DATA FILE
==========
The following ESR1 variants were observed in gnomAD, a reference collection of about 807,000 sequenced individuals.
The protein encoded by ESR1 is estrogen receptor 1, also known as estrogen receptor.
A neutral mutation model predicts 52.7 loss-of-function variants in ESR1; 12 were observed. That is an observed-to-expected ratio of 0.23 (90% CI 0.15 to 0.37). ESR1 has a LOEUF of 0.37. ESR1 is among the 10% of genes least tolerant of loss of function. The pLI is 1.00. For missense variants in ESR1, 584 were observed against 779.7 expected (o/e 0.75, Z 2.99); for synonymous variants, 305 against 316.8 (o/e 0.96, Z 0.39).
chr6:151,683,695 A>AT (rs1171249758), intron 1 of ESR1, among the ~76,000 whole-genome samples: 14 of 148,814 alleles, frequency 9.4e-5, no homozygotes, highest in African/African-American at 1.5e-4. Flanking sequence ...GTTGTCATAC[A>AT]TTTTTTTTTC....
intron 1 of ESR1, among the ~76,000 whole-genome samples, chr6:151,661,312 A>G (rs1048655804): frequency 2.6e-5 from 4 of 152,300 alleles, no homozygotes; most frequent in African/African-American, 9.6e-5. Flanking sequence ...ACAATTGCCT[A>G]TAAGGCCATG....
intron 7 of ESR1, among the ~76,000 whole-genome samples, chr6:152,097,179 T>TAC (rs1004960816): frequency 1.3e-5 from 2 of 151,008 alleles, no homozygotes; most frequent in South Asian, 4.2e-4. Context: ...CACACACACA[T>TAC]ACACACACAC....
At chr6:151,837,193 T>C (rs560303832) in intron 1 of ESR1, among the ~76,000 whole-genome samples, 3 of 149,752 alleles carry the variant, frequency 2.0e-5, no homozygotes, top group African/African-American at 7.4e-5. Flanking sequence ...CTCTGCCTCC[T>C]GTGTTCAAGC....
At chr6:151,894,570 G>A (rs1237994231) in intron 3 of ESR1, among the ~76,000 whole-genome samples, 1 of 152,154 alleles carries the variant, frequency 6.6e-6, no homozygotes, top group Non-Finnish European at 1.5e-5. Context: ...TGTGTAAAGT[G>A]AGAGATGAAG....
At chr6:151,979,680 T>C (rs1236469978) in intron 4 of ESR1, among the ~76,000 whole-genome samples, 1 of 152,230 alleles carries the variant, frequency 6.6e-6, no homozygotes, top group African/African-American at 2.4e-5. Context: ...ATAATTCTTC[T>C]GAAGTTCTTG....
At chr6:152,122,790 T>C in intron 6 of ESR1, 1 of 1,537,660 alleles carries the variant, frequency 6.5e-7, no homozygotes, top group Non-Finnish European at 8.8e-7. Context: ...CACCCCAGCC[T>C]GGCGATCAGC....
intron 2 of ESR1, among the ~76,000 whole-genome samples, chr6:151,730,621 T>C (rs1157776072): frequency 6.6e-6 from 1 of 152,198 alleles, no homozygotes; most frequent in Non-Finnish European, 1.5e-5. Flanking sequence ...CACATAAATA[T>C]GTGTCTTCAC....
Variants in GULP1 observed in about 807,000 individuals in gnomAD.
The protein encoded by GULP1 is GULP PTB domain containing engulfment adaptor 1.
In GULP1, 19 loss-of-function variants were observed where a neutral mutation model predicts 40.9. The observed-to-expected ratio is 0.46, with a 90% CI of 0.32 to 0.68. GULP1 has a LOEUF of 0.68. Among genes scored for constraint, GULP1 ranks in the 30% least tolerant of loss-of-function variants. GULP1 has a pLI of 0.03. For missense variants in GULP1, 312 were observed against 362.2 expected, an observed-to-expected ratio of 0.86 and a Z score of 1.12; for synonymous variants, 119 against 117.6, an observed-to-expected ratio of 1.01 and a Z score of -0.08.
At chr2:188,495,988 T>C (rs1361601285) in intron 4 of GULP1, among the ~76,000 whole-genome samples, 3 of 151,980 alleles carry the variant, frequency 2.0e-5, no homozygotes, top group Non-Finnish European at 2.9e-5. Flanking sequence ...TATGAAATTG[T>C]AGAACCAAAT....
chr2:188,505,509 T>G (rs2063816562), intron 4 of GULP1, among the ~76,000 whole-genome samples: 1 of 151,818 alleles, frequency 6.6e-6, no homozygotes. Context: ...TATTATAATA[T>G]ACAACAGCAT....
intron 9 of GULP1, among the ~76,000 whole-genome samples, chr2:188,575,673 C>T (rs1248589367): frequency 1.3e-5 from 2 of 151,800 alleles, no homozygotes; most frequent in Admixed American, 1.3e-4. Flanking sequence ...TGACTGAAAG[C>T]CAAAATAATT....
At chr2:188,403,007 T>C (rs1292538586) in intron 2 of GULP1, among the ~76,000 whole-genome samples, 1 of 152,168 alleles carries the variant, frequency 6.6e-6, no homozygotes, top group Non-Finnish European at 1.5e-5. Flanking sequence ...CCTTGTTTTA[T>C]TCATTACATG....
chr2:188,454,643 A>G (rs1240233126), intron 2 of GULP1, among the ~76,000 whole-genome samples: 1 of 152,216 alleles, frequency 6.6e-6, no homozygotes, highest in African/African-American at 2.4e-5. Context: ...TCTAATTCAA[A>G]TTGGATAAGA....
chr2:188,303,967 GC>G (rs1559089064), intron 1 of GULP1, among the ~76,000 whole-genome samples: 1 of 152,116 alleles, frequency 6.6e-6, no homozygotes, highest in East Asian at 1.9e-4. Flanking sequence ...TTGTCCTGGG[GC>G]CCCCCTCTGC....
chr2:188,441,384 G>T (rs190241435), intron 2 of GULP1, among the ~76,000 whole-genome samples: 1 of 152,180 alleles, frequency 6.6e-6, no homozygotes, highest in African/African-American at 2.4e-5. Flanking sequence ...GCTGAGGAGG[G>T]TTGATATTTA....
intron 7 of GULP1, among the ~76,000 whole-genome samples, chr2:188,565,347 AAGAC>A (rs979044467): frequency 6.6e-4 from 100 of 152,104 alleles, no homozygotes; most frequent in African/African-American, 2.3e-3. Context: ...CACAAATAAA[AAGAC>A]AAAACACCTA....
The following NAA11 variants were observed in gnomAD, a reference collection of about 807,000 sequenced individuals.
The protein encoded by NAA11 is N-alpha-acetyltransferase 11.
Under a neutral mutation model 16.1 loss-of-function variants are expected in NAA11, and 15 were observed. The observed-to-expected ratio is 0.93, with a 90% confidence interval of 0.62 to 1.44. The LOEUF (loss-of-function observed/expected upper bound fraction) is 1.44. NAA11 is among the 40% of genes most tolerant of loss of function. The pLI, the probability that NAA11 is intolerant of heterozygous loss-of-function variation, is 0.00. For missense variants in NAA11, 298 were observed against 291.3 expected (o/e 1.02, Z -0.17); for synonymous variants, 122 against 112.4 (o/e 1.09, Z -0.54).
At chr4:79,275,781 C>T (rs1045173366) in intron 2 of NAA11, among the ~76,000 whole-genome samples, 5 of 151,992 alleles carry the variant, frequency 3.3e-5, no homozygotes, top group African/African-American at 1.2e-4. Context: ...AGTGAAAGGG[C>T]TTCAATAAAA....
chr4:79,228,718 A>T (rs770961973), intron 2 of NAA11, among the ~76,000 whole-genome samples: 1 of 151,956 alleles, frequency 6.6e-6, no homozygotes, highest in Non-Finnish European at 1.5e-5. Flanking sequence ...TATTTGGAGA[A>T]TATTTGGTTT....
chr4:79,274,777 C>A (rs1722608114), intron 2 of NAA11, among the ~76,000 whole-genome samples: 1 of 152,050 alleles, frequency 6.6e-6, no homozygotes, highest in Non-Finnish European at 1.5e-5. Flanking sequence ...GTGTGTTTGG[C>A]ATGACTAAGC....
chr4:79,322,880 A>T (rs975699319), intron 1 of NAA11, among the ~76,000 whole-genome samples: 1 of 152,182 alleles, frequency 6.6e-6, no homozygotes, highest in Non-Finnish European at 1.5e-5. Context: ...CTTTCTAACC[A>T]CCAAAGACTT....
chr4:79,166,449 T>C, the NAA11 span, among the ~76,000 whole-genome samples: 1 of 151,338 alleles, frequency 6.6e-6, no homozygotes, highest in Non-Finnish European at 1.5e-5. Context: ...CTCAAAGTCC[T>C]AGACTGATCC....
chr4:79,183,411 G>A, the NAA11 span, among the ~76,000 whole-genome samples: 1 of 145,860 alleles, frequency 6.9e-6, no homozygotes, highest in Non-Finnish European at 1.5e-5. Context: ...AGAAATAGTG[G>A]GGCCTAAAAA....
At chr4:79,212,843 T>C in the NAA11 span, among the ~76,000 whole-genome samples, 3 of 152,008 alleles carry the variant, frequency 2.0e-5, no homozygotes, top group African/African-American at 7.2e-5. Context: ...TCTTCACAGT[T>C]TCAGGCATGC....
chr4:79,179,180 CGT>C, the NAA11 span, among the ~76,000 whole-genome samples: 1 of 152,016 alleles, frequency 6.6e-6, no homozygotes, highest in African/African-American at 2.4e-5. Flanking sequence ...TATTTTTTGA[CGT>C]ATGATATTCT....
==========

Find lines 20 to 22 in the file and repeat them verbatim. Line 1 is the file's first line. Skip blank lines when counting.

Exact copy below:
chr2:188,303,967 GC>G (rs1559089064), intron 1 of GULP1, among the ~76,000 whole-genome samples: 1 of 152,116 alleles, frequency 6.6e-6, no homozygotes, highest in East Asian at 1.9e-4. Flanking sequence ...TTGTCCTGGG[GC>G]CCCCCTCTGC....
chr2:188,441,384 G>T (rs190241435), intron 2 of GULP1, among the ~76,000 whole-genome samples: 1 of 152,180 alleles, frequency 6.6e-6, no homozygotes, highest in African/African-American at 2.4e-5. Flanking sequence ...GCTGAGGAGG[G>T]TTGATATTTA....
intron 7 of GULP1, among the ~76,000 whole-genome samples, chr2:188,565,347 AAGAC>A (rs979044467): frequency 6.6e-4 from 100 of 152,104 alleles, no homozygotes; most frequent in African/African-American, 2.3e-3. Context: ...CACAAATAAA[AAGAC>A]AAAACACCTA....